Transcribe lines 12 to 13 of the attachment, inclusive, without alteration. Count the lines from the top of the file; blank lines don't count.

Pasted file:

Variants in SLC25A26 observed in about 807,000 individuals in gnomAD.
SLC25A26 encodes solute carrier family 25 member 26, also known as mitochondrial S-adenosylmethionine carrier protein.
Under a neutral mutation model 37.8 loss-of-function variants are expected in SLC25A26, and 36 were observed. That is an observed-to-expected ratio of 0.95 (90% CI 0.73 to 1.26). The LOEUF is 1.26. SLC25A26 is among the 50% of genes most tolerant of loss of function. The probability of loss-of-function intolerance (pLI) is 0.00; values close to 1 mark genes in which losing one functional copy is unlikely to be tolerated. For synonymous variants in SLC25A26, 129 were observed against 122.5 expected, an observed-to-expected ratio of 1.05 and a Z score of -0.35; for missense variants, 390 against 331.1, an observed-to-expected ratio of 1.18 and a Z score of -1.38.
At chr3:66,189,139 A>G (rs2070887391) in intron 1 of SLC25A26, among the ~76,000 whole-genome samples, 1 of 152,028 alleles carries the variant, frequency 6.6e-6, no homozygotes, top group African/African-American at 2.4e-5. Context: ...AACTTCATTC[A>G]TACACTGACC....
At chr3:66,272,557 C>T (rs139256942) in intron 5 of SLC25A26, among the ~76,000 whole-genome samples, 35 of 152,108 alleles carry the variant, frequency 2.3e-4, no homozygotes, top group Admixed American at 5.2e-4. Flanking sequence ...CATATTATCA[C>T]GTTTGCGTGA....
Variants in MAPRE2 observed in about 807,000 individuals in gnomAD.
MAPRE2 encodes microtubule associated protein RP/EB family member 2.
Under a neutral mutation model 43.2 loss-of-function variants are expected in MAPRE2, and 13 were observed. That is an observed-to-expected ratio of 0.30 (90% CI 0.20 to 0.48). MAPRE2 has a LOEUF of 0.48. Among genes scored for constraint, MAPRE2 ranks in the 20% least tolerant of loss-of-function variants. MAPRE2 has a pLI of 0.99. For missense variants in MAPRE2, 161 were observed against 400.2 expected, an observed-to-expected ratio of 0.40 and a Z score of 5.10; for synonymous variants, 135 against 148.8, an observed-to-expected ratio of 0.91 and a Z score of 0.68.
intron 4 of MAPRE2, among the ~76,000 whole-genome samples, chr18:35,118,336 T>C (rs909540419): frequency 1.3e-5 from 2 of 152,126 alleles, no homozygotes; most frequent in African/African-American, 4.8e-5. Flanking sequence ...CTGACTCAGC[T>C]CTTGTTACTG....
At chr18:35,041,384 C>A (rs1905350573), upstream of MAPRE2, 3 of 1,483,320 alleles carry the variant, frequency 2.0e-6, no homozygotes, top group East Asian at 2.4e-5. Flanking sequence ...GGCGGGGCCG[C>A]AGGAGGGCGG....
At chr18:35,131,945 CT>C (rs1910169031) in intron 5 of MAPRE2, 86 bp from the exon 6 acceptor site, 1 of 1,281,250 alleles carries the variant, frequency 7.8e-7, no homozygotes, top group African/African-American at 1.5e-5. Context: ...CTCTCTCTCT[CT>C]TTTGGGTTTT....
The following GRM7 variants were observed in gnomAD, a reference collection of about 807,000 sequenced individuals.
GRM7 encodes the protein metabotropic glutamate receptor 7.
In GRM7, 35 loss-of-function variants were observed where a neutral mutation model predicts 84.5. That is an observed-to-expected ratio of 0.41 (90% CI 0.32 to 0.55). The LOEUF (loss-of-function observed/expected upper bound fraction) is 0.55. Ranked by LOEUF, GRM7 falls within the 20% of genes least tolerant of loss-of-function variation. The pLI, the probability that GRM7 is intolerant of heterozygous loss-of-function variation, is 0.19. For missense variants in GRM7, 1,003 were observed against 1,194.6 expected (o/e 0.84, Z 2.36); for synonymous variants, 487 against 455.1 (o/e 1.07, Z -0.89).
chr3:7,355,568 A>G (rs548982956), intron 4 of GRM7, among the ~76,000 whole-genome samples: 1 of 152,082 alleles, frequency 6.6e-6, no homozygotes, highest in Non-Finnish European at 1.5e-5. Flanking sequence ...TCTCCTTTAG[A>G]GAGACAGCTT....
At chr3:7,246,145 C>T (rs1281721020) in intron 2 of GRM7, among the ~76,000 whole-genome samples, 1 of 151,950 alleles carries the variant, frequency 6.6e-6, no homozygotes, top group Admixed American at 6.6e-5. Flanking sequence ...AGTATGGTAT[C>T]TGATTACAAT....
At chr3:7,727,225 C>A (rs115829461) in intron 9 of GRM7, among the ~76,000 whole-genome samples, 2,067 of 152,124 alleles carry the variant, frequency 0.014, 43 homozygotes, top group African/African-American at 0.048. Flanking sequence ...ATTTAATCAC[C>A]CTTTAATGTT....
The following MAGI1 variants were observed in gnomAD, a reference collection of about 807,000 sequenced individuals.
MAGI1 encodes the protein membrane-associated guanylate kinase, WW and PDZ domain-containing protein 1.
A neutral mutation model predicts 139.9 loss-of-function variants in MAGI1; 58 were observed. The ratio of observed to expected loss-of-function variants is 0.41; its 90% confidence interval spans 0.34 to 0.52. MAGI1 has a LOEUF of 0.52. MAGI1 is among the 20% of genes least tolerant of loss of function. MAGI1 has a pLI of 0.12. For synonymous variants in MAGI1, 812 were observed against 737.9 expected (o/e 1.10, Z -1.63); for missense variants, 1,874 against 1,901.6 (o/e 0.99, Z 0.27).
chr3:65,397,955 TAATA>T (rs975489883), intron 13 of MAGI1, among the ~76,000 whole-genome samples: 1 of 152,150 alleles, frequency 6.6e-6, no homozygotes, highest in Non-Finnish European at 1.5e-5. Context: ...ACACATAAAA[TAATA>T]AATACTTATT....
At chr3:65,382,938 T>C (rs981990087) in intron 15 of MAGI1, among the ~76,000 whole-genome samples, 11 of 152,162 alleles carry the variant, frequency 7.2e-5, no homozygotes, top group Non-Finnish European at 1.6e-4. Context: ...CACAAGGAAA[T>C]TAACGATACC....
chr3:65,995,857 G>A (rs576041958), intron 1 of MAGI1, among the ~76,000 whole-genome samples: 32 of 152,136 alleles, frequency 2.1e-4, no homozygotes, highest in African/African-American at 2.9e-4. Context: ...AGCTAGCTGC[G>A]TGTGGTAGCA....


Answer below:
The following GRM7 variants were observed in gnomAD, a reference collection of about 807,000 sequenced individuals.
GRM7 encodes the protein metabotropic glutamate receptor 7.